As we had experienced in previous travels, we knew that the children would need some specific goals throughout this lengthy excursion. To take our 12-year-old daughter away from friends and family for a year, she would need something to keep her mind focused during 56 weeks on the road. Knowing her abilities and wanting to challenge her further, we discussed the possibility of having her interview the governors of each state. Our purpose would be to learn about the state and its unique qualities along with their political process. What better way to do it than to go right to the people who make it work! Amy was excited about the idea and couldn’t wait to start sending letters to the governors requesting interviews. We put together a packet of information and named our tour “America Through the Eyes of a Student.”
     Just one week after mailing the packets, we received our first phone call—from the governor’s office in Kentucky. They were very enthusiastic about our trip and said that Governor Brereton Jones was looking forward to meeting with Amy. When I hung up the phone and told the rest of the family who had called, they all shouted for joy! Over the next several days, other governors’ offices began calling with positive responses to Amy’s request. By the time we left in July, 35 governors had responded to our request.
     We suddenly realized the opportunity Amy had before her. Never before had a student set out on a journey across America to learn about each state and its unique qualities with a goal to interview all 50 governors and, ultimately, the President. This would be something she had to share with other students. She agreed to keep a daily journal of everything she experienced throughout the year which would eventually become the basis for a book. She began working on the questions she wanted to ask each governor, such as: “What is your state’s greatest need and how do you plan on taking care of it? What is the most important historical site in your state? Who most shaped your political career?” She ended up with 10 questions and a few variations for each governor.
     Jonathan, our seven-year-old, asked if he, too, could have a special project. So we came up with the idea of having him create an activity book about America. Each day as part of his school work, he would study the state we were in and formulate ideas for puzzles, mazes, and coloring pages from his own creativity. He was very excited about his new venture which he couldn’t wait to start. I was thrilled because he would be learning without even realizing it!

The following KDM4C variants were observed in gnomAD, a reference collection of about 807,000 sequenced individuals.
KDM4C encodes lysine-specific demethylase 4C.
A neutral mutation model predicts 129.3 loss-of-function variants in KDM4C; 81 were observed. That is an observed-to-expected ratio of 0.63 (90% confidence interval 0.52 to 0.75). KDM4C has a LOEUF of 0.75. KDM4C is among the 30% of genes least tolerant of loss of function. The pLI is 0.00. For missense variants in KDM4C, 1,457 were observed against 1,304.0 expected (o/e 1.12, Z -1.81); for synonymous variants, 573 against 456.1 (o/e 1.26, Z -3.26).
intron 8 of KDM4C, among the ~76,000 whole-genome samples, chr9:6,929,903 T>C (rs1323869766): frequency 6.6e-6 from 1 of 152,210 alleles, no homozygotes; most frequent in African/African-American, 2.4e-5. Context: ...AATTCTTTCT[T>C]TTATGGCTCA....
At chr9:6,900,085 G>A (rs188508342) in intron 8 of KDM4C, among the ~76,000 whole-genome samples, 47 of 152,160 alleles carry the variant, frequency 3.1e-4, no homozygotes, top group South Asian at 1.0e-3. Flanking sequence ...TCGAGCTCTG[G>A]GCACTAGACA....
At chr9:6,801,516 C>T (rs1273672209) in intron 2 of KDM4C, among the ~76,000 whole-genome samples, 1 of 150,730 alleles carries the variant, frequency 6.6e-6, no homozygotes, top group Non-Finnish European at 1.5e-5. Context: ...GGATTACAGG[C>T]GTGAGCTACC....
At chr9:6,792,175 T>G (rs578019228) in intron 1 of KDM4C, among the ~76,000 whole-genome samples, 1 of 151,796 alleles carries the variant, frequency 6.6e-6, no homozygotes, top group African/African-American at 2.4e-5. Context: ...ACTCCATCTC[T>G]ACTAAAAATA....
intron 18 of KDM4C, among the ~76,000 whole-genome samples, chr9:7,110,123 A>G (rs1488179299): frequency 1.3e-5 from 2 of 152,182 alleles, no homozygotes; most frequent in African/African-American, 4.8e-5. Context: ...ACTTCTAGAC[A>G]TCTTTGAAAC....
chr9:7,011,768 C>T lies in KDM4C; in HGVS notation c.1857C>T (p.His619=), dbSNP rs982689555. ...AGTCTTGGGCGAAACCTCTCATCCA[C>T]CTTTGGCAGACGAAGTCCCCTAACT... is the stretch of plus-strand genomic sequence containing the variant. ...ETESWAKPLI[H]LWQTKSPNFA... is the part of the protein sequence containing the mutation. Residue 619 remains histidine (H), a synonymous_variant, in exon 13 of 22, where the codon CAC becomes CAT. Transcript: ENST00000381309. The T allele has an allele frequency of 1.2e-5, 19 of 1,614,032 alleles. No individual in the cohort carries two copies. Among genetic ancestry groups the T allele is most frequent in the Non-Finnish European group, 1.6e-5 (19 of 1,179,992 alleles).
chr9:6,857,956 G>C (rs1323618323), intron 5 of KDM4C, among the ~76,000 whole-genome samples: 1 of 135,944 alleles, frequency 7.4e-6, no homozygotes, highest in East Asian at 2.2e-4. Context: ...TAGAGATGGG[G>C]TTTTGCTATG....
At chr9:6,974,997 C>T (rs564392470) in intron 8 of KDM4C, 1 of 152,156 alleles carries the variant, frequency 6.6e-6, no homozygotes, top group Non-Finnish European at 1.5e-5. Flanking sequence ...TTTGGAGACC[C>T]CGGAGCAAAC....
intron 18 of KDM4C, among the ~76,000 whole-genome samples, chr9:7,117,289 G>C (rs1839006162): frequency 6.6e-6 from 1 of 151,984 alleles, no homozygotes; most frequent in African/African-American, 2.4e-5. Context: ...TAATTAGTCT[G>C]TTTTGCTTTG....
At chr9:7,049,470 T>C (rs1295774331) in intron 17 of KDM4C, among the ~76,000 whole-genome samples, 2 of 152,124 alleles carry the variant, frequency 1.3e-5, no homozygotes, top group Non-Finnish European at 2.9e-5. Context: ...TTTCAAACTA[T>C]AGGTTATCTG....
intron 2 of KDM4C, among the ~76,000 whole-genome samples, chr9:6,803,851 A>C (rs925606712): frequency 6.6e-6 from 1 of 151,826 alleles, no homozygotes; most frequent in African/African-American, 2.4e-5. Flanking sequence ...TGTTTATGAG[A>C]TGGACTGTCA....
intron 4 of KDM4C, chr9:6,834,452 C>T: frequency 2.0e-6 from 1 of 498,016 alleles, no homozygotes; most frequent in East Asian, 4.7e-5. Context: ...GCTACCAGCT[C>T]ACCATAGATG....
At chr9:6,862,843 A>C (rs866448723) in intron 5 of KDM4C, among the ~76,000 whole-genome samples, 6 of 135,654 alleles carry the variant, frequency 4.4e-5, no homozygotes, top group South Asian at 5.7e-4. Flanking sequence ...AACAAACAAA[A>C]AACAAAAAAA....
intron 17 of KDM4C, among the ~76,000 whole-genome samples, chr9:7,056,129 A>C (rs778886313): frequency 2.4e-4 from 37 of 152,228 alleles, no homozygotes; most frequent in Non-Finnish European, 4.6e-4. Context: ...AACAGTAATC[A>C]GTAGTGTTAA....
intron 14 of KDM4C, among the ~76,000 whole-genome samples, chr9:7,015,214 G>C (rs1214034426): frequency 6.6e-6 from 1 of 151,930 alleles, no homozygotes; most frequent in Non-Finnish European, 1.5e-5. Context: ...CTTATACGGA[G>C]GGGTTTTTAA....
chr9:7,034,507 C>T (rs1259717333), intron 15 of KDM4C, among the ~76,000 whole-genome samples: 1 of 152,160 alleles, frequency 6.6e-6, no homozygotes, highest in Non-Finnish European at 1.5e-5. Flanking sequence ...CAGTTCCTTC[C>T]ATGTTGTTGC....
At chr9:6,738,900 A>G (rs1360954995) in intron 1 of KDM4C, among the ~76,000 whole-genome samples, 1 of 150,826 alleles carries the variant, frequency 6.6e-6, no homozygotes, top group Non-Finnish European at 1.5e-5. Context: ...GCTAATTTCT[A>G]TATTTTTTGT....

We knew the only way we could travel through the states with the freedom and flexibility we needed—and stay within our budget for housing and food—would be to travel in an RV. We purchased a 34' Class A Bounder, which offered an entire basement underneath allowing us to carry everything we needed.
     Now the real work would begin: packing! Really, the packing wasn’t so bad, it was the sorting through every room in the house and deciding what to do with it all—in just four weeks. At times when buried under piles of boxes, I would pause and think to myself, “What in the world are we doing?” But somehow, even through the craziness I found peace in my heart knowing that that was what God had called us to do. Up to this point we were undecided about what to do with our house, but shortly before we were to leave, the Lord provided a Christian family to lease it for the year. What a blessing!
     Finally, July 30 came and we were off! Driving down the highway with the whole country in front of us was an exhilarating feeling.
     During our first 10 weeks of exploring New England, we kept a very busy schedule. It was also a time of adjustment. For the first time in our lives, we would be spending 24 hours a day together in a space one-tenth the size of our home. It didn’t take long to lay down some new rules!